You’ll find a range of songs from old to new. You’ll probably find music that has been part of the soundtrack of your life too.

You can also check out some of the other songs that make up the soundtrack of my life.

David Bowie

While my regular Soundtrack of my Life posts feature one song that means something to me, I can’t just choose one David Bowie song. Since I heard of his death several days ago I’ve had a couple of hundred of his songs playing over and over on my iPod. I think I’m almost at the place where I can start listening to other music again. Obviously I can’t include all his songs here so I’ll limit myself to three. Choosing those three will be hard enough.

So much has already been written about Bowie over many years and especially this past week so I won’t try to give any kind of comprehensive history of his career. I’ll just add a few of my personal reflections. I couldn’t possibly write all that Bowie’s music has meant to me over the years because different songs and albums have played their part in so many seasons in my life. Let’s just say that hearing that he had passed away was devastating for me, especially as he had kept his illness so quiet. It was so totally unexpected.

Bowie’s music and lyrics have resonated so strongly with me over so many years that mourning his loss was like mourning a close friend. He was no saint but he has played a significant part in my life through his music over several decades.

Space Oddity

The first song I recall from Bowie is Space Oddity. Released back in 1969, when I was just six years old. It charted in Australia when I was nine, in early 1973. It’s a fabulous track from an amazing album. There’s so much more to the Space Oddity album than the title track so make some time to check out the rest of the tracks.

I’ve collected quite a few Bowie albums over the years and while critics have praised some more than others, I love them all. Some thought that Bowie ‘sold out’ with his more commercially acceptable Let’s Dance album, but I reckon anything that would put his music in front of a wider audience was a good move. I was particularly pleased that the album sparked a world tour. The Serious Moonlight Tour came to Perth in November 1983. I was there at the Perth Entertainment Centre to see him perform a mixture of old and new material. What a show.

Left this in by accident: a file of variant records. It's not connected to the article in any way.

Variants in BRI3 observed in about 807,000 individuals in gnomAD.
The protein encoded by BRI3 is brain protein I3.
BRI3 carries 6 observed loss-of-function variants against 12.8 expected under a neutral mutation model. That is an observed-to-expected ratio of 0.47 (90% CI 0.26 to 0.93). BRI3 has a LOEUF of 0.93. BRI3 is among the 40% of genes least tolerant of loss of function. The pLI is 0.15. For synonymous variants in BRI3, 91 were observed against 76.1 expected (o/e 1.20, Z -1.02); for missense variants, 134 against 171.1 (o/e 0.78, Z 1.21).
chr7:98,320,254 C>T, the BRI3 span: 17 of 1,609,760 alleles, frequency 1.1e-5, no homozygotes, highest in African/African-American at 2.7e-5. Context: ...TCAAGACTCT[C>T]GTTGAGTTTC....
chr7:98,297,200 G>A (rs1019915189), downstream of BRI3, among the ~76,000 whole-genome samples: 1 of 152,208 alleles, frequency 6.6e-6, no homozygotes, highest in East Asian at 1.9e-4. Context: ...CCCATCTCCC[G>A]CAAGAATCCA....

David Bowie never seemed to simply stage concerts; they were theatrical performances, each one featuring his latest creation. Bowie didn’t ‘reinvent himself’ as some suggest, he would instead create characters that he would inhabit. The stories from so many since his passing paint the picture of a private, caring man, that was so different to many of the characters we saw on stage throughout his career.

The Let’s Dance album and the Serious Moonlight Tour meant that Bowie was everywhere at the time. He was all over the TV, the radio and definitely on my turntable and in my car cassette player.

This is one of the biggest hits from the Let’s Dance album.

Modern Love

There are so many other songs and stories I could tell about Bowie, like the moment the clock struck midnight on the 1st of January 1984, throwing open the doors of my Ford Transit and blasting his song 1984 as loud as the stereo could handle it. I was at a youth camp and while most stayed inside for their new year’s celebrations, there was a small group pf us that felt that playing Bowie’s Orwell inspired song was the only way to ring in that year.

There was the time that I had to drive home from the country very late at night and playing the Black Tie White Noise album on repeat at fairly high decibels was the only thing keeping me awake on the road.

Yes, there are many, many other times when David Bowie provided the soundtrack to my life, but I’ll post one more song, and that is the soundtrack that plays behind the news of Bowie’s death. None of us knew that the album released just days earlier, on his 69th birthday, would be his parting gift to millions of fans around the world. It’s already been watched well over 20 million times on YouTube and no doubt will be played many more times in coming days, weeks and years.


Whether you’re a Bowie fan or not, his music has probably provided the soundtrack to some of your own life. I’d love to hear your recollections of David Bowie and his music. Please leave your memories and tributes in the comments section of this post.

Do you think some of your friends would enjoy reading Soundtrack of my Life – David Bowie? Please use the buttons below to share the post. Thanks.